Dr. Tracy Saperstein, a teacher and magnet development specialist at Kinsella Magnet School for Performing Arts in Hartford, won the Region 1 Teacher of the Year Award through Magnet Schools of America (MSA) and the Connecticut Association of Interdistrict Magnet Schools.
The award recognizes outstanding, dedicated fulltime teachers who exemplify excellence in academic achievement through innovative programs that promote equality and diversity for students in magnet schools.
As a magnet development specialist, Saperstein fills many roles. In addition to working as an educator, she assists with school recruitment and curriculum development, and serves on several boards that plan student activities, such as the school’s annual read-a-thon. She is also, in her words, “the customer-service person for the building,” working with parents and students to make sure that kids are on a successful and appropriate academic track.
Saperstein was nominated by seventh and eighth grade Kinsella teacher Christine Tocionis, and her recommendation was written by Eduardo V. Genao, director of Hartford’s magnet schools. She was then selected from a pool of applicants for both the Principal of the Year and the Teacher of the Year awards by a panel of judges representing Region 1 (New England).
Saperstein received a gift card and was automatically entered into the competition for MSA’s National Teacher of the Year Award, which will be presented on May 15 in Indianapolis.
Saperstein came to Kinsella in 2003, when it was considered the worst-performing school in the region. “With commitment from the principal, the staff, and the parents, and the genuine belief we all have in every student, it’s amazing how a school can turn around,” she says. “It’s an honor to be nominated. This award could have been given to any other teacher at Kinsella. It represents the entire school and our region.”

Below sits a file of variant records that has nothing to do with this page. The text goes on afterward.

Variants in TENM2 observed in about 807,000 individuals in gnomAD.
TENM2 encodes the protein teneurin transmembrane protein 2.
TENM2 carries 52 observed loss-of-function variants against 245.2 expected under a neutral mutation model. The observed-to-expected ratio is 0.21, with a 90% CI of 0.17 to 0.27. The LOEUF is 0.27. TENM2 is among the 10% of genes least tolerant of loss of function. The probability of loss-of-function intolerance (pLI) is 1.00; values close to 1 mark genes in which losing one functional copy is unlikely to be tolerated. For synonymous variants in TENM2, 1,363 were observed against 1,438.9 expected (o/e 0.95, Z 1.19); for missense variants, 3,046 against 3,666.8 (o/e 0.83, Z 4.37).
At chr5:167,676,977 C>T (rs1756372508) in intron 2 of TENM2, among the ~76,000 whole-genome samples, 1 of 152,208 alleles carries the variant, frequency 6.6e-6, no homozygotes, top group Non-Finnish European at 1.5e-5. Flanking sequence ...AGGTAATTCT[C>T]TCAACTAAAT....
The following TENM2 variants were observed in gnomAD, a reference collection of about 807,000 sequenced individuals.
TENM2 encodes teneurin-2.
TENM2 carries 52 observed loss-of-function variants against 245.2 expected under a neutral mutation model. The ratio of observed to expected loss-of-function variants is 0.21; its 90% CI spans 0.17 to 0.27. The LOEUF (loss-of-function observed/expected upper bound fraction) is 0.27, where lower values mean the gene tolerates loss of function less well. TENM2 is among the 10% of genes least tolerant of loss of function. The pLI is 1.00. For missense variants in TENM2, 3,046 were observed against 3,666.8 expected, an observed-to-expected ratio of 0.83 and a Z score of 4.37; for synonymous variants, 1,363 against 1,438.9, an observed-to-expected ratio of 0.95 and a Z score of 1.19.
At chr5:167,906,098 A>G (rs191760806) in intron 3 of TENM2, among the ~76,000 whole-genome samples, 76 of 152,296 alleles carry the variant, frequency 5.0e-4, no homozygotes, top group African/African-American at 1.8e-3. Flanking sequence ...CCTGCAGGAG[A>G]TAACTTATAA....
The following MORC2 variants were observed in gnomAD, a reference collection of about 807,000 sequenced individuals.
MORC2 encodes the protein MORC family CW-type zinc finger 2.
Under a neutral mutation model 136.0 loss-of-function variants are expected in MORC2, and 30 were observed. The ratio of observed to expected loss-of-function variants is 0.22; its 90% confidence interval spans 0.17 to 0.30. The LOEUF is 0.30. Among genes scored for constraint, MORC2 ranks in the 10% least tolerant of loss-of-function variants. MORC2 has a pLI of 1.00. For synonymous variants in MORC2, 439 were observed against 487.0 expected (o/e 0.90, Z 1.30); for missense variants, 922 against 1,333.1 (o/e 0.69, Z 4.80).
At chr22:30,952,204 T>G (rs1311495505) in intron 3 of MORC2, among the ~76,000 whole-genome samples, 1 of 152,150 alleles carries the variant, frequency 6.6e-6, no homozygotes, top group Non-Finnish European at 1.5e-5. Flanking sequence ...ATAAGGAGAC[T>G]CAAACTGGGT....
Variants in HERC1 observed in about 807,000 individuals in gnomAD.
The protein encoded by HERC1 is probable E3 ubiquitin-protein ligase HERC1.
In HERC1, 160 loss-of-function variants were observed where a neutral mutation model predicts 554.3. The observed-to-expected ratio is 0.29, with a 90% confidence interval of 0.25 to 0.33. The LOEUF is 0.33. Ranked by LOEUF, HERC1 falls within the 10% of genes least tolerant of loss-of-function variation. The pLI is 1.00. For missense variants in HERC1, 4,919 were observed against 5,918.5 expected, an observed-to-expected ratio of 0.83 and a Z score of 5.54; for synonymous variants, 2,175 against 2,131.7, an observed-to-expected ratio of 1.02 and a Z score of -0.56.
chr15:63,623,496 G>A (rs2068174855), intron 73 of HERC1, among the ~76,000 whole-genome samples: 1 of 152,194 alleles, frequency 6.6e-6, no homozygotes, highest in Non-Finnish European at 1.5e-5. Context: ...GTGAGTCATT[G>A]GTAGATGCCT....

Saperstein, 45, is a native of Peabody, Mass. and now lives in Simsbury with her husband and their three children. A 12-year veteran of the Hartford Public Schools, she spent the prior eight years at the Greater Hartford Jewish Community Center (now the Mandell JCC) as director for school-age programming and assistant director of the summer-camp program.
Saperstein knew that she would become a teacher after taking a class on early childhood in high school. She went on to earn an undergraduate degree in the major at Leslie College in Cambridge, Mass., and later completed a Masters degree in the field at Central Connecticut State University and a PhD in teacher leadership from Walden University.
Aside from her work at the JCC in West Hartford, “I have always been and always will be very involved in the Jewish community,” she says. Through middle school and high school, Saperstein says she was very active in the Kadima and United Synagogue Youth (USY) groups at Temple Ner Tamid in Peabody. As a college undergraduate, she served as adviser for the Brockton, Mass. USY. In Connecticut, she was Kadima regional field worker for USY HaNefesh Region and then USY advisor for Temple Beth Hillel in Bloomfield.
The Sapersteins are members of Congregation Tikvoh Chodoshoh in Bloomfield, where Tracy is a board member and a teacher in the religious school for pre-K through 3rd grade.
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